The book features 60 architects and urbanists tackling discrimination in the built environment industry – and prompts action for change
Words by Francesca Perry
Sound Advice, a London-based platform dedicated to tackling spatial inequality, has released its debut publication Now You Know, a new book bringing together reflections from 60 architects and urbanists of colour that address inequality and discrimination in the built environment industry. The contributors’ essays, poems and interviews are accompanied by bold pieces of advice and recommended songs to listen to.
Established by urbanists (and civil servants) Pooja Agrawal and Joseph Henry, Sound Advice – which was featured in ICON’s Spring 2021 issue – first became visible on Instagram in 2020. It soon became known for slickly designed slogan-like statements, shared with recommended song accompaniments, which form sharp cuts of commentary and advice directed at the built environment industry, highlighting the systemic spatial and racial inequalities of the profession and – vitally – prompting action for change.
Gathering thoughts from a wide network of practitioners was the natural next step for the platform. ‘Totally fed up with how the built environment sector tackles (or doesn’t tackle) race, we wanted to hear from people who are already fighting to make the changes,’ explains Agrawal. ‘Where do they think we can go from here? How can we disrupt the inertia of the profession?’
Now You Know was crowdfunded by 418 supporters, and the 180-page paperback publication includes contributions from MBEs to architecture students, artists to urban policymakers. Among them is previous ICON editor, Priya Khanchandani. The book is designed by Joel Antoine-Wilkinson and edited by Agrawal and Henry (and there’s an accompanying playlist available on Spotify).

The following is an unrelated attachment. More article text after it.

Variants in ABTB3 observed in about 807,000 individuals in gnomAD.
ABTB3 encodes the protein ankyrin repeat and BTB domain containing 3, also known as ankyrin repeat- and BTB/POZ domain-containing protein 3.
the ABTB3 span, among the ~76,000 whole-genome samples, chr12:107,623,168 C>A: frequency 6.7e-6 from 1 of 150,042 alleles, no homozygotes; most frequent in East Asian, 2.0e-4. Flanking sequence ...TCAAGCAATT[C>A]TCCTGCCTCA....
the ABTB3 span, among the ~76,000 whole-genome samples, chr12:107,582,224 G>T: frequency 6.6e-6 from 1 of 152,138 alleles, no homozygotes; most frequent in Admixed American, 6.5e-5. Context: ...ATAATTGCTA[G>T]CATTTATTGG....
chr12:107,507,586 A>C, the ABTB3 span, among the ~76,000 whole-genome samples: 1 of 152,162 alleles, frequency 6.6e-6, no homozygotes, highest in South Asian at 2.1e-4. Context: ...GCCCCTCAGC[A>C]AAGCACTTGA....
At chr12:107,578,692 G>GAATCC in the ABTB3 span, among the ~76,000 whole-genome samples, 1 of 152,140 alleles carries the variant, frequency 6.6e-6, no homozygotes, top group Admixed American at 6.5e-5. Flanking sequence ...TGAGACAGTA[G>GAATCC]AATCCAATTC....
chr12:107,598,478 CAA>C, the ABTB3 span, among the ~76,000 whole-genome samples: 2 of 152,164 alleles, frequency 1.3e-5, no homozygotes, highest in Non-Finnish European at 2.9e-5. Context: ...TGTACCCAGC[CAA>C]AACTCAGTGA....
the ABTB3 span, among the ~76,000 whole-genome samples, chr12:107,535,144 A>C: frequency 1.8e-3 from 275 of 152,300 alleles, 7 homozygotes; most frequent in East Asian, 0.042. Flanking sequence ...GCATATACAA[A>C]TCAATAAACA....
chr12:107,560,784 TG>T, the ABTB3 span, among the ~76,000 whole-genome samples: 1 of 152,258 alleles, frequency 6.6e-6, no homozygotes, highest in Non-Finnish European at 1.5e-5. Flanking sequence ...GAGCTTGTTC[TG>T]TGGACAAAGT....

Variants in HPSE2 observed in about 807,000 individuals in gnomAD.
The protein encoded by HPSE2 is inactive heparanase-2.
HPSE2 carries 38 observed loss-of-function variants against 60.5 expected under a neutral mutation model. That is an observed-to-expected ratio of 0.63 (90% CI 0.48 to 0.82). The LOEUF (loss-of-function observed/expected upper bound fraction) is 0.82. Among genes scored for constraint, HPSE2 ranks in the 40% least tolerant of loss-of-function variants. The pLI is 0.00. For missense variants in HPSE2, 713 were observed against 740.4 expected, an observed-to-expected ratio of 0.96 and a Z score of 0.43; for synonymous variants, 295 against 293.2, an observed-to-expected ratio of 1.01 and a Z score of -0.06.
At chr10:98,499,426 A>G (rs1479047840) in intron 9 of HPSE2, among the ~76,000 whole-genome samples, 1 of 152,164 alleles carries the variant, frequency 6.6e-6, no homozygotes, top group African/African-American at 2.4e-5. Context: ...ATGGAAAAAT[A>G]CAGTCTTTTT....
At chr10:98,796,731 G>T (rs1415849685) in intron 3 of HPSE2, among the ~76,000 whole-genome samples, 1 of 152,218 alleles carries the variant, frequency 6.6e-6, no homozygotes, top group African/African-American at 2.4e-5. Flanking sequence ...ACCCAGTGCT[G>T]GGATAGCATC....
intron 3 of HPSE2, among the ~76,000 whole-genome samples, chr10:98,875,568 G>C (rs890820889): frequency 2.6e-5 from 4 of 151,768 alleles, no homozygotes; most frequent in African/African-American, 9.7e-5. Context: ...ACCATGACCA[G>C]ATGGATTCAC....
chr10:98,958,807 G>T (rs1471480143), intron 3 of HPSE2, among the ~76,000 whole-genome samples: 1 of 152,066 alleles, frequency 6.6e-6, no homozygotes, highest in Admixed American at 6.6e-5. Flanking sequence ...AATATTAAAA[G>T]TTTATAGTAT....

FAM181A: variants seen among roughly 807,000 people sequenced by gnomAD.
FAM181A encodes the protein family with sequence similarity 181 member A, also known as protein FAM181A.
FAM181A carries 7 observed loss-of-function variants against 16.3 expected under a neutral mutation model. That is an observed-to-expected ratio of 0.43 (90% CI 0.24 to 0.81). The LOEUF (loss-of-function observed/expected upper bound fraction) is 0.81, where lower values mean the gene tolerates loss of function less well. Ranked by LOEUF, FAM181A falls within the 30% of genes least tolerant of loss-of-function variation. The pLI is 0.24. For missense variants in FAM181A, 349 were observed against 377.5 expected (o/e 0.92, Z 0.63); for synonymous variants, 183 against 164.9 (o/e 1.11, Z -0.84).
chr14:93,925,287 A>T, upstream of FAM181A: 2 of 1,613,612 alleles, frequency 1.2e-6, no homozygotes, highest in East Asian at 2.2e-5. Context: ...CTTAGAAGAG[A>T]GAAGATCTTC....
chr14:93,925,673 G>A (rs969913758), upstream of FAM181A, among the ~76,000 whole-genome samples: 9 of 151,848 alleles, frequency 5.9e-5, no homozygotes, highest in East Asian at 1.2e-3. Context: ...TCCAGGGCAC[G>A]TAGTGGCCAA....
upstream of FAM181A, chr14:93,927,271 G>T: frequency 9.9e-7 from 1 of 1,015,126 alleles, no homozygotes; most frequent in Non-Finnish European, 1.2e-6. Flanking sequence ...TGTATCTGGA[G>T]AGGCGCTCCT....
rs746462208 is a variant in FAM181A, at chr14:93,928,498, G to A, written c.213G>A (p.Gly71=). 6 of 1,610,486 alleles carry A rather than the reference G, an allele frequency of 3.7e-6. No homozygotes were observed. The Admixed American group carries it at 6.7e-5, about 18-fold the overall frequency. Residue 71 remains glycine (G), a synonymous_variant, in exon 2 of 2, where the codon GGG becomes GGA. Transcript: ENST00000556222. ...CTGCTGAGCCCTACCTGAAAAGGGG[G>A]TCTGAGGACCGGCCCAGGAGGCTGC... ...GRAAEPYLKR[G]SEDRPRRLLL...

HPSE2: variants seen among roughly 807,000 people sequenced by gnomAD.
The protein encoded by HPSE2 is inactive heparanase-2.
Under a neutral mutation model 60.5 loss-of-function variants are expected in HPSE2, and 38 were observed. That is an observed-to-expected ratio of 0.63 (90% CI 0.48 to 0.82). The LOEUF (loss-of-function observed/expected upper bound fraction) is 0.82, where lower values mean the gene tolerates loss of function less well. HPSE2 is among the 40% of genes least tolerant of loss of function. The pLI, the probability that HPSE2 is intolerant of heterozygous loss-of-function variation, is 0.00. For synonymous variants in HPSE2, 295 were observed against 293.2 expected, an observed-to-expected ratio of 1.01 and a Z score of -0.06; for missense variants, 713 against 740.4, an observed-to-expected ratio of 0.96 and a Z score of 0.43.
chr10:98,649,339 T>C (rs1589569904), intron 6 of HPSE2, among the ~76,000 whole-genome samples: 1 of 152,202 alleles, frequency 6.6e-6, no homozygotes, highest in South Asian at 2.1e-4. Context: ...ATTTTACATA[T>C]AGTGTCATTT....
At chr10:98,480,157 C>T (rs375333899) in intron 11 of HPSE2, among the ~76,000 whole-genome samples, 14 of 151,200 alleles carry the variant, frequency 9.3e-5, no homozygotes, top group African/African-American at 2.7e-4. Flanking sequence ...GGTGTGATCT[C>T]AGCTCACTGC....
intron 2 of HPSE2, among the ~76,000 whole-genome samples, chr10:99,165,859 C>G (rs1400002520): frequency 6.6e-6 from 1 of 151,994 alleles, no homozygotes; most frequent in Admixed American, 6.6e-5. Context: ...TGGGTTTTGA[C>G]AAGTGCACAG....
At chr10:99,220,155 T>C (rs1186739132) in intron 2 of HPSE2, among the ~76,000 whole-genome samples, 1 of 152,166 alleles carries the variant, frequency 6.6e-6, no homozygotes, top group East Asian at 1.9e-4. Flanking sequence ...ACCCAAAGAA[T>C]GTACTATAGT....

‘Through Now You Know we wanted to explore a compelling alternative and more plural vision of the future in our voice and within our own space,’ says Henry. Manijeh Verghese, head of public programmes at the Architectural Association and contributor to the book, says that Now You Know celebrates ‘the richness of not seeing the world in any one particular way.’
She continues: ‘The range of ideas, careers and lives of all people of colour are frequently reduced to a singular “BAME” experience. The wealth of contributors and topics covered in these 60 essays suggests otherwise… Giving those who are often overlooked in conversations about the built environment a chance to express how we would redesign our cities, spaces, institutions and societies is a powerful step towards tackling racial inequality.’
Now You Know is available to buy from Tate Modern Shop, South London Gallery, AA Bookshop, Koenig at Serpentine Gallery and MagCulture.
Photography by Timi Akindele-Ajani